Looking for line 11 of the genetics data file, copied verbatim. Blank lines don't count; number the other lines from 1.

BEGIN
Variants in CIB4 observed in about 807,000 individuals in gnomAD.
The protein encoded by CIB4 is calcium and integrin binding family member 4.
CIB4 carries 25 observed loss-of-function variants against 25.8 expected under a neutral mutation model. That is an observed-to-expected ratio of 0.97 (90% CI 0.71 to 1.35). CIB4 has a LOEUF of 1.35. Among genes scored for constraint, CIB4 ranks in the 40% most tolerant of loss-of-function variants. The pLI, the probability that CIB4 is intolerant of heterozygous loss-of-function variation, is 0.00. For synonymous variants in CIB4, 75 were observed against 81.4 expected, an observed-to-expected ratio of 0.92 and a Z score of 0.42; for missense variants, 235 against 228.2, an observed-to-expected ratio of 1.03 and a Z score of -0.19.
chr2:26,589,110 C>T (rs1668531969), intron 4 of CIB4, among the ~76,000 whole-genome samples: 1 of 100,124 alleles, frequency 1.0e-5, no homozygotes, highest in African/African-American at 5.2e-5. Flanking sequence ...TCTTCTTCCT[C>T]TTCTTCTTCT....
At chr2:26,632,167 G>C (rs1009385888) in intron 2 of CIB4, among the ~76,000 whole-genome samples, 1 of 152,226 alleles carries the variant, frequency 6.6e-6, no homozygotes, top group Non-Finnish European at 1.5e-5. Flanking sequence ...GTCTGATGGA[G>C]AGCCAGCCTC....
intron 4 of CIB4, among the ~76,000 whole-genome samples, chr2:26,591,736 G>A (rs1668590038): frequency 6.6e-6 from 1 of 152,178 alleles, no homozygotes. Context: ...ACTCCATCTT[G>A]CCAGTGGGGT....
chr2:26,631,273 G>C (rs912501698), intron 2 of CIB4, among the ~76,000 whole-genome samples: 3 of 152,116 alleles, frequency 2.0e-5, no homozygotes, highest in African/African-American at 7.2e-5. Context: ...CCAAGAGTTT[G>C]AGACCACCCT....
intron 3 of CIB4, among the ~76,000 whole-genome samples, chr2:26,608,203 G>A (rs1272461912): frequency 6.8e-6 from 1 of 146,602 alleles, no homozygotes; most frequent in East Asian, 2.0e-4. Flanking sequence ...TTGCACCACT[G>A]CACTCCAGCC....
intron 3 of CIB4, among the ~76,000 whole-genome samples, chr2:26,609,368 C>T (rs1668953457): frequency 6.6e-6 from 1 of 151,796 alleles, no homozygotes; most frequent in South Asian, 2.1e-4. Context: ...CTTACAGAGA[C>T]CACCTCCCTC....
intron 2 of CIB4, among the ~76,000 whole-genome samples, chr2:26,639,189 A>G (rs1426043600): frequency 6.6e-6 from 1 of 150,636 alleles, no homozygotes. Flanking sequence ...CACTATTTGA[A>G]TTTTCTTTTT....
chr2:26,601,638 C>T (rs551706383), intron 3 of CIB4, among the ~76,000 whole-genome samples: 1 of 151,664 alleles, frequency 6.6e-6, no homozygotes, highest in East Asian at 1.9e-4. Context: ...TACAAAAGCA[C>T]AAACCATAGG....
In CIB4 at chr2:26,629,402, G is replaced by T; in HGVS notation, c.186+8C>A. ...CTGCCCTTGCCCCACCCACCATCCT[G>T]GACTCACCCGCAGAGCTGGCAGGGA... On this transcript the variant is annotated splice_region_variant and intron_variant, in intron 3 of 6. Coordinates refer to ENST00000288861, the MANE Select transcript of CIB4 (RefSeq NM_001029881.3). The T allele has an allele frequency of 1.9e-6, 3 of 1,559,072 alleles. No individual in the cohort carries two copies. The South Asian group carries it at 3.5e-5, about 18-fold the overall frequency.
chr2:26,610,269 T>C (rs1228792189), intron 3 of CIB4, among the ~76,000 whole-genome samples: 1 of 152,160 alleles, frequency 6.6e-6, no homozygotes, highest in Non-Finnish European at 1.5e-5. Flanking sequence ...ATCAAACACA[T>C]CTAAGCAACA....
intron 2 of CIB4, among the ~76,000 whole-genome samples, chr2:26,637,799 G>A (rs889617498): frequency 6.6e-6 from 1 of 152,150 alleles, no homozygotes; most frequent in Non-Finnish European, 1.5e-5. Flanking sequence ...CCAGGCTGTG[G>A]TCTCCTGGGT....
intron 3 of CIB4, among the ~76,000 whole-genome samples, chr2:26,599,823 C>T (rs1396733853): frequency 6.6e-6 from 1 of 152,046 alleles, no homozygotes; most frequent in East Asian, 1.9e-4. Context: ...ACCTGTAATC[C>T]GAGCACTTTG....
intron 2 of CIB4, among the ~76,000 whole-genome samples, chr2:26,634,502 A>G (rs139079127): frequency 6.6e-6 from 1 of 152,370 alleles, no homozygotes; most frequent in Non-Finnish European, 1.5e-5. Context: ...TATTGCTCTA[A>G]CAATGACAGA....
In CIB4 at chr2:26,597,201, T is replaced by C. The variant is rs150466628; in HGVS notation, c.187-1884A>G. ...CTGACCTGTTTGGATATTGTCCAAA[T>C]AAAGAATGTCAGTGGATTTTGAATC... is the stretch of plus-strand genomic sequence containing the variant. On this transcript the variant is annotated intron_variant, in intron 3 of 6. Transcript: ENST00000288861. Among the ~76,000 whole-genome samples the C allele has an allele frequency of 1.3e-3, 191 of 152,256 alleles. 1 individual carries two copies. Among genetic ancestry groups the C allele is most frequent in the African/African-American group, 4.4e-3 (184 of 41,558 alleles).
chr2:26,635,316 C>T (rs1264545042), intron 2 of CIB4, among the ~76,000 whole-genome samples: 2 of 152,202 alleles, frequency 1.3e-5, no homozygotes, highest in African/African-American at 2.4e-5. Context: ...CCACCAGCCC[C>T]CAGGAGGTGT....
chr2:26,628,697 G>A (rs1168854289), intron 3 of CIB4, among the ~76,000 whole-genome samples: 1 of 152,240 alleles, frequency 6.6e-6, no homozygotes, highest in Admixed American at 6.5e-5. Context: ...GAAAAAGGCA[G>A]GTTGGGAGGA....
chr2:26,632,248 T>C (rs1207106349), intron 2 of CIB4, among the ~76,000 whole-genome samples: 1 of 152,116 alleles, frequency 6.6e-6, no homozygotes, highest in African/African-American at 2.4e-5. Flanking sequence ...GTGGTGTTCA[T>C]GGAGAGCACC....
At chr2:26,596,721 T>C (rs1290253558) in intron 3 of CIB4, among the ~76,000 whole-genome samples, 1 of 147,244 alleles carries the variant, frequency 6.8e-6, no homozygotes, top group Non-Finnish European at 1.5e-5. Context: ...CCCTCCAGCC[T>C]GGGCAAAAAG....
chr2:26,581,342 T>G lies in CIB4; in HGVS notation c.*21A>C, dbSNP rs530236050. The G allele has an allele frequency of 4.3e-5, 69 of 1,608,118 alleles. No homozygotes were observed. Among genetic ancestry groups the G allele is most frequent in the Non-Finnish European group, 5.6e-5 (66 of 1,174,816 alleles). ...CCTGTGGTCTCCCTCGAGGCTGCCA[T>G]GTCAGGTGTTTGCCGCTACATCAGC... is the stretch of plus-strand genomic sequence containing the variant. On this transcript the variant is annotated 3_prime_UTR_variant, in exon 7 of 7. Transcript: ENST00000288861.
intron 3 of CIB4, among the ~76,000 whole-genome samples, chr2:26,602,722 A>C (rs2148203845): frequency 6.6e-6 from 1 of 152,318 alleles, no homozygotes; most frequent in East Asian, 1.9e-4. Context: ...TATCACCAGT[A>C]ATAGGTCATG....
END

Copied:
chr2:26,601,638 C>T (rs551706383), intron 3 of CIB4, among the ~76,000 whole-genome samples: 1 of 151,664 alleles, frequency 6.6e-6, no homozygotes, highest in East Asian at 1.9e-4. Context: ...TACAAAAGCA[C>T]AAACCATAGG....